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Making a Difference: Alberta Golden in Seattle

Summer 2005

After four years of conducting advance directives training in the Seattle area, Alberta Golden knows what the documents are worth. "Peace of mind," she declares. "That's the legacy you leave to your family."

As a Compassion & Choices of Washington affiliate board member and active volunteer, Alberta's trainings are not her only contribution to choice at the end of life, but they are unique. Rather than brief seminars, they are intense, four-hour workshops, usually held over a two-day period. Classes are limited to no more than a dozen attendees, so participants have the opportunity to talk and interact. Her trainings are offered in various locations as needed, including senior centers, local meetings, and in a seniors' course at a local community college.

The workshops focus on the core elements of effective advance directives. Rather than simply filling out forms, participants consider the difficult questions posed by advance health care decisions: Whom should you choose as a health care surrogate? What should you say when you talk to your doctor? What should you say to your family? To answer these questions, many participants have to dig deep into their desires and motivations, discovering just what they would like the end of life to be like, and whom they trust to help them achieve it.

Alberta participated in her first advance directives training at a meeting of a women's group of which she is a member. More than 30 people split into three smaller groups, and Alberta facilitated one of the groups. At the end of the session, 33 women had completed their advance directives for health care.

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After seeing the tangible difference the event made, Alberta was hooked. "When 10 people leave the workshop with their affairs in order, I've made a difference," she says. Word began to spread, and Alberta began to receive requests. Her training program was launched.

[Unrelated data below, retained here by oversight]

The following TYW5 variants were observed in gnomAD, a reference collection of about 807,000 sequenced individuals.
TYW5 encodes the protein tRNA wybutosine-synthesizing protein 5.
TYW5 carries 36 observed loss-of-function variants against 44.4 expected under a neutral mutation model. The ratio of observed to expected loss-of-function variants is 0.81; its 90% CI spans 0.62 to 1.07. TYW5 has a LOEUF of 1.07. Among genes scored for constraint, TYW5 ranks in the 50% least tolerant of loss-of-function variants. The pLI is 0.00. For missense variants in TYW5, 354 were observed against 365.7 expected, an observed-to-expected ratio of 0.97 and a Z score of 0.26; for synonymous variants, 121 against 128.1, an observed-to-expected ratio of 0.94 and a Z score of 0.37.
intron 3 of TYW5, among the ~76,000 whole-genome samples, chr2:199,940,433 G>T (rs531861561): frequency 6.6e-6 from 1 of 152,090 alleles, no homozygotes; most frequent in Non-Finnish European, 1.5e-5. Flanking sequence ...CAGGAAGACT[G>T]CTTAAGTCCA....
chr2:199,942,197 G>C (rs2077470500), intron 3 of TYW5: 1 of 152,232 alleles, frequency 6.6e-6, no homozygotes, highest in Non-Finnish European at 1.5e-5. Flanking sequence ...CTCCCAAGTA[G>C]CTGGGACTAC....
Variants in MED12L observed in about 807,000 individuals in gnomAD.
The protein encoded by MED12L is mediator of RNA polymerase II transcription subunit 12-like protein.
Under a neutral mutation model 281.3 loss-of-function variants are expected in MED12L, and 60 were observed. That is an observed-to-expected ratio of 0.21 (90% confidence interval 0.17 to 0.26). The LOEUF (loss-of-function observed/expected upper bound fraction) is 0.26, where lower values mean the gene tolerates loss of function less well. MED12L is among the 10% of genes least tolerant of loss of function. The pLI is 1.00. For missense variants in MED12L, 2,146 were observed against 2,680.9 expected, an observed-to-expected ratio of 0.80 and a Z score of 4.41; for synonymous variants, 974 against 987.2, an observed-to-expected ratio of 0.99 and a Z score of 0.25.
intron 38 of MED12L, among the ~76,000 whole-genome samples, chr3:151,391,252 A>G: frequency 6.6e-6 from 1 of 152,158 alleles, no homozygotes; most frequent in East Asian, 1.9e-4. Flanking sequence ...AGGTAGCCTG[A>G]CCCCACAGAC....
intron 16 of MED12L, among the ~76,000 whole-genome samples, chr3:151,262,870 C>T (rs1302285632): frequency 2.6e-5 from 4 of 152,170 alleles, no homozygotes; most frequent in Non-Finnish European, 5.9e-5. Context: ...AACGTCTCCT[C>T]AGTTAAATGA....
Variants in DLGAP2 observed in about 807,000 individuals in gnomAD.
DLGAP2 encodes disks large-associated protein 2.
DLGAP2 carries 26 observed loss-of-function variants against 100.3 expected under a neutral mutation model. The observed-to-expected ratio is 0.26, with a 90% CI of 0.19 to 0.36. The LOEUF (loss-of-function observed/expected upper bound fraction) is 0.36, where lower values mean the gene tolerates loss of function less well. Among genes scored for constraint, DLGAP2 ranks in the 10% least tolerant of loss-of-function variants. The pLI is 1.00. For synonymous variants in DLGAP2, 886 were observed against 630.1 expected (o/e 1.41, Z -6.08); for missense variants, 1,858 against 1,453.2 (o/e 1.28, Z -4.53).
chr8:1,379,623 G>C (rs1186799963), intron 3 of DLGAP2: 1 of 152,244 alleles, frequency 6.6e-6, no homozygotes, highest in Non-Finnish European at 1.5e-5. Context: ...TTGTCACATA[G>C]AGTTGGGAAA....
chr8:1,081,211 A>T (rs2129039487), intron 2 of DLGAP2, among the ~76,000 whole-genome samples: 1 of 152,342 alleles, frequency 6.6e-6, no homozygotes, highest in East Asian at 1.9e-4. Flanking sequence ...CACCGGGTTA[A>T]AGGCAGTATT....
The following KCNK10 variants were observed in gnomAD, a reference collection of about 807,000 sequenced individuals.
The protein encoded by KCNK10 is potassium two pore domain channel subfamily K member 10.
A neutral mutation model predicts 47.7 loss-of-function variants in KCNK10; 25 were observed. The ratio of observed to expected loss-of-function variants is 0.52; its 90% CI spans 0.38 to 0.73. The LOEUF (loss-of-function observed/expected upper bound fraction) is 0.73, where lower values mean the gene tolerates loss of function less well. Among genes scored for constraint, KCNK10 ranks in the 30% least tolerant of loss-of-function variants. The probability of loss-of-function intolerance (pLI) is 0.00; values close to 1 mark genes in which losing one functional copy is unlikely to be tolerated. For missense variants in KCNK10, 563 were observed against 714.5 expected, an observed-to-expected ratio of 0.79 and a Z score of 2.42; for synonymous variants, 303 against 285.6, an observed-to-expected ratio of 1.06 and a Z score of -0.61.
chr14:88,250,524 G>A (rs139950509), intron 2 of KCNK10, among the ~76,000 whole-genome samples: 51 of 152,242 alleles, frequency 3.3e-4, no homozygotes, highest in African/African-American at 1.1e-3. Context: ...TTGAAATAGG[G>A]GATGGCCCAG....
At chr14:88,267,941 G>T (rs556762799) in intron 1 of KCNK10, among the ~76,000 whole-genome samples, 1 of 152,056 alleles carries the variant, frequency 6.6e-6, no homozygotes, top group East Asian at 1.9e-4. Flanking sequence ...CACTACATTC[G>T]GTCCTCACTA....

One of the things Alberta highlights in her training is how important it is to keep a complete file of your advance directive and related paperwork, called a "Last Wishes File". And don't file it away! "Put it somewhere available, and make sure other people know about it," she advises. The idea is that convenience and availability are key.

The facilitated discussion is arguably the most valuable portion of the extended workshop. "At least half the people who come already have their forms," Alberta points out. "They want to learn more," she says.

Alberta, who will soon turn 74, doesn't plan to bring in her shingle anytime soon. For now, she is pleased to continue helping people find ways to enforce their health care wishes. "People already have choices at the end of life. I'm giving them the opportunity to exercise them," she says. "This stage of my life is a gift to me."




  
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This article was provided by Compassion & Choices. It is a part of the publication Compassion & Choices Magazine.
 

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